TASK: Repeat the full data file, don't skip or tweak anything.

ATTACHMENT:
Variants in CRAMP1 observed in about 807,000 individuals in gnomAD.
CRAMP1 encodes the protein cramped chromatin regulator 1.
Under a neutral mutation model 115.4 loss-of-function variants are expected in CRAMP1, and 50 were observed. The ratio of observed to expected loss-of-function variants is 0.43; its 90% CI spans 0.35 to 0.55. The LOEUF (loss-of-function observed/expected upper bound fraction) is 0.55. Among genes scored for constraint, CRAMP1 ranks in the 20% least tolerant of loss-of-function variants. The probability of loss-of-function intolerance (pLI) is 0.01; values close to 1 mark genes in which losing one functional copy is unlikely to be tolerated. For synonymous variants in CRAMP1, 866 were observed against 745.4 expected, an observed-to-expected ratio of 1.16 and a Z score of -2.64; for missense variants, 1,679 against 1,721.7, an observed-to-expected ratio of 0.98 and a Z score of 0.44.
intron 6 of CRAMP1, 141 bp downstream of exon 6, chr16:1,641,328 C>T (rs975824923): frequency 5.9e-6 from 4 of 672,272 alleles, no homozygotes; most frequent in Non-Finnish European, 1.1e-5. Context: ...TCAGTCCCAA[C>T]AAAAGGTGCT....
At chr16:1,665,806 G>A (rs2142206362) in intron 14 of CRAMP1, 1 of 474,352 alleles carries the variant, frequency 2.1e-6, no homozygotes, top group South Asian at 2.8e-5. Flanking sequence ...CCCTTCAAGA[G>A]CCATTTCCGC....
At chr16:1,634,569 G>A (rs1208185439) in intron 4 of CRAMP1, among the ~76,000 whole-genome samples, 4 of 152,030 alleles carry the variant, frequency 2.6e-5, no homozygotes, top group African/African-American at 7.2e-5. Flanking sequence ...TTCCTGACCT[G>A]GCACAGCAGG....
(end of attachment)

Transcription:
Variants in CRAMP1 observed in about 807,000 individuals in gnomAD.
CRAMP1 encodes the protein cramped chromatin regulator 1.
Under a neutral mutation model 115.4 loss-of-function variants are expected in CRAMP1, and 50 were observed. The ratio of observed to expected loss-of-function variants is 0.43; its 90% CI spans 0.35 to 0.55. The LOEUF (loss-of-function observed/expected upper bound fraction) is 0.55. Among genes scored for constraint, CRAMP1 ranks in the 20% least tolerant of loss-of-function variants. The probability of loss-of-function intolerance (pLI) is 0.01; values close to 1 mark genes in which losing one functional copy is unlikely to be tolerated. For synonymous variants in CRAMP1, 866 were observed against 745.4 expected, an observed-to-expected ratio of 1.16 and a Z score of -2.64; for missense variants, 1,679 against 1,721.7, an observed-to-expected ratio of 0.98 and a Z score of 0.44.
intron 6 of CRAMP1, 141 bp downstream of exon 6, chr16:1,641,328 C>T (rs975824923): frequency 5.9e-6 from 4 of 672,272 alleles, no homozygotes; most frequent in Non-Finnish European, 1.1e-5. Context: ...TCAGTCCCAA[C>T]AAAAGGTGCT....
At chr16:1,665,806 G>A (rs2142206362) in intron 14 of CRAMP1, 1 of 474,352 alleles carries the variant, frequency 2.1e-6, no homozygotes, top group South Asian at 2.8e-5. Flanking sequence ...CCCTTCAAGA[G>A]CCATTTCCGC....
At chr16:1,634,569 G>A (rs1208185439) in intron 4 of CRAMP1, among the ~76,000 whole-genome samples, 4 of 152,030 alleles carry the variant, frequency 2.6e-5, no homozygotes, top group African/African-American at 7.2e-5. Flanking sequence ...TTCCTGACCT[G>A]GCACAGCAGG....